Small changes make big differences.

Tuesdays with MOJO / Go to bed

Marjorie Spitz Rento1 Comment

When I was a kid, I never wanted to go to sleep.  My parents would give me milk and cookies and send me off to bed, but as soon as they tucked me in and closed the door, I’d turn my flashlight on under the covers and read a book, or write notes to friends.  I would stay up until all hours of the evening, g-d forbid I might miss something!

Well things haven’t changed much -- I still have to force myself to go home, shut off the TV, tear myself away from the electronics and make myself go to sleep.   Until recently, I ignored my body when it told me I was tired.  Why?  Because I am invincible of course!  Sleep? I don’t need no bloody sleep!

It got to a point where I didn’t know what it was like to feel rested.

Over time, however, the ramifications became clear.  I didn’t feel as sharp.   My memory started to fail. Typos would creep into my emails. And from a vanity perspective, I looked puffy and washed out.

I needed to change.  So over the last year or so I have made a concerted effort to focus on getting more sleep. To experience what that actually feels like and how it affects me.

The average American gets 6.8 hours of sleep per night, way below the recommended 7 – 9 hours (how much you need varies by individual).   Studies show that consistently getting a good night’s sleep results in a focused productive mind, better mood, reduced inflammation (the cause of many diseases), improved health, increased libido and better weight control.   Ever notice how you are thinner when you wake up than when you go to sleep? That’s because you really are!  Your body has spent the night exhaling carbon atoms and water vapor, and thus the weight loss.  Sleep also regulates the appetite hormones (ghrelin and leptin), so with a good night’s sleep you will eat less, and hence keep your weight in check.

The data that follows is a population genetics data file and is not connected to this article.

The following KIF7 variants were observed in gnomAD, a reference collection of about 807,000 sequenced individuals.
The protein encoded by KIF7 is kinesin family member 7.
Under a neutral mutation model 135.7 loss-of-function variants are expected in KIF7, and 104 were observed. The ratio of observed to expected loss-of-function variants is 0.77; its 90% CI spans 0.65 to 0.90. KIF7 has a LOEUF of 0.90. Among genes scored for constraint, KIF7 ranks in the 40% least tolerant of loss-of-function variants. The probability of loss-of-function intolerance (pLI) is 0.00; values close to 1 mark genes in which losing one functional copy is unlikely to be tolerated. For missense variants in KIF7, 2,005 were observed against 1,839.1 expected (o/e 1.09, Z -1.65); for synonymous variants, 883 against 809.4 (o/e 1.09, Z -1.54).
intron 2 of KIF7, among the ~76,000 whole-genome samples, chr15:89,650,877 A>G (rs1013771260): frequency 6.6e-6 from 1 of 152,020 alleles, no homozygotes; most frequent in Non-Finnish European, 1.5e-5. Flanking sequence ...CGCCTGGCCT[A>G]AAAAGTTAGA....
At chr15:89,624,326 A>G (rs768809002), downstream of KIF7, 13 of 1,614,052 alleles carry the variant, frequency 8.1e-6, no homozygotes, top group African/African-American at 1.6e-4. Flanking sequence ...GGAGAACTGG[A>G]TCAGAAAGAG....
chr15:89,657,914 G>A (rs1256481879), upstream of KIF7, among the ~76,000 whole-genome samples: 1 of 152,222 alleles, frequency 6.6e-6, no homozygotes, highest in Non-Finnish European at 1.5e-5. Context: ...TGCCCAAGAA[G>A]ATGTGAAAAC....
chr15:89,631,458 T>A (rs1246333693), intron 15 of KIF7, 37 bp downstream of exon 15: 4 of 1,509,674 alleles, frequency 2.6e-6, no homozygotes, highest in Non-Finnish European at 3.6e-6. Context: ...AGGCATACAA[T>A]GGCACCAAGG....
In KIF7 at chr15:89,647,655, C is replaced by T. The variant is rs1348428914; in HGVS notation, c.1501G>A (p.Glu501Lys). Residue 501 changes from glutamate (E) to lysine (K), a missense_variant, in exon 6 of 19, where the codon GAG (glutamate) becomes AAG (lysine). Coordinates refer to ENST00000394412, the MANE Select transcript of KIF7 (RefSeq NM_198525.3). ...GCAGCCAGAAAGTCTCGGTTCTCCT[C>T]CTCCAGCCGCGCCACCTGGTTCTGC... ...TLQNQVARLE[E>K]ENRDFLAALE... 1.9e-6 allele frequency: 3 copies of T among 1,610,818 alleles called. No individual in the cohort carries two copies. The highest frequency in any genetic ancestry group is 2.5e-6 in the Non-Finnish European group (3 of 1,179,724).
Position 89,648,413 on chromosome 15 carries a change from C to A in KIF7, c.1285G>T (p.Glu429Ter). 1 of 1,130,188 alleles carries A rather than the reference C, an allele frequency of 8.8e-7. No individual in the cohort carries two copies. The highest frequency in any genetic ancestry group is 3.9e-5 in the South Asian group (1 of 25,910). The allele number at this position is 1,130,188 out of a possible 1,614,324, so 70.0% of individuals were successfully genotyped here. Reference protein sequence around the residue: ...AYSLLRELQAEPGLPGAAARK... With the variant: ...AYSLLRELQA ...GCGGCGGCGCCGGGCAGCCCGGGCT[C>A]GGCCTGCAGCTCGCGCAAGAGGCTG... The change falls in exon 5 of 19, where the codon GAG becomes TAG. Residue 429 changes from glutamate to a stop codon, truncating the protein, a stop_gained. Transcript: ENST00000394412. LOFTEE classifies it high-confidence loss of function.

An additional bonus is alleviation of pain, since your body focuses on repair (plus the reduced inflammation helps).

Given the data on the benefits of sleep, it’s a no brainer to make it a priority!  Even just one extra hour a night can help.

But how?  Article after article suggested things I didn’t want to do.  Like that stubborn child who doesn’t want to go to bed!   Begrudgingly I started to implement some of the tips, not every one every night, but many and often.  And they have worked!

Things like:

  • Make your bedroom cozy and sleep inducing – use yummy blankets and pillows
  • Keep the bedroom dark – in a city like NY that can be tough, but close the shades, or better yet get those black out shades.  Cover up any blinking lights like the wireless router, or that digital humidifier screen
  • Use amber light bulbs as the evening approaches
  • Ditch the electronics – they give off blue light, which stimulates your brain and suppresses melatonin.   Not good at bedtime (you can download an app like F.Lux which dims your computer screen as the day goes on, reducing blue light)!
  • Create a sleep ritual to signal bedtime is approaching – have a cup of mint or chamomile tea, listen to soothing music, take a bath with Epsom salts and/or use an eye pillow or mask.
  • Keep your hands and feet warm -- your blood vessels will dilate, allowing heat to escape and body temperature to fall, initiating sleep.
  • Get 20 minutes of fresh air during the day.

Note: If you wake up congested, you may want to wash that dust ruffle or vacuum.

Things to avoid: caffeine, alcohol, sugar or strenuous exercise too close to bedtime.  And, if you’re eating late, go for light snacks/meals.

Even with all of that, sometimes my mind is unable to shut down. I find that writing down whatever chatter is ruminating in my brain helps me get it out of there, and is conducive to falling asleep.  Heck, it will be there when I get up!

One of my favorite remedies is to practice deep breathing, especially if you wake up during the night.  It’ll lull you right back to sleep.

Although I still don’t find it easeful to go to bed, it’s gotten much better and I am pleased to report I can tell the difference already.

I’ve especially found sleep to be the only thing that has helped me recover from the cough making its way around the country that I’ve succumbed to.

What kind of sleeper are you?  What small change can you make in your routine to allow for more or better quality sleep?  Please share!

I have friends who could fall asleep standing up, and I envy them!  That will never be me, but I can dream.

Warmly,

Marjorie, Chief MOJO Maker™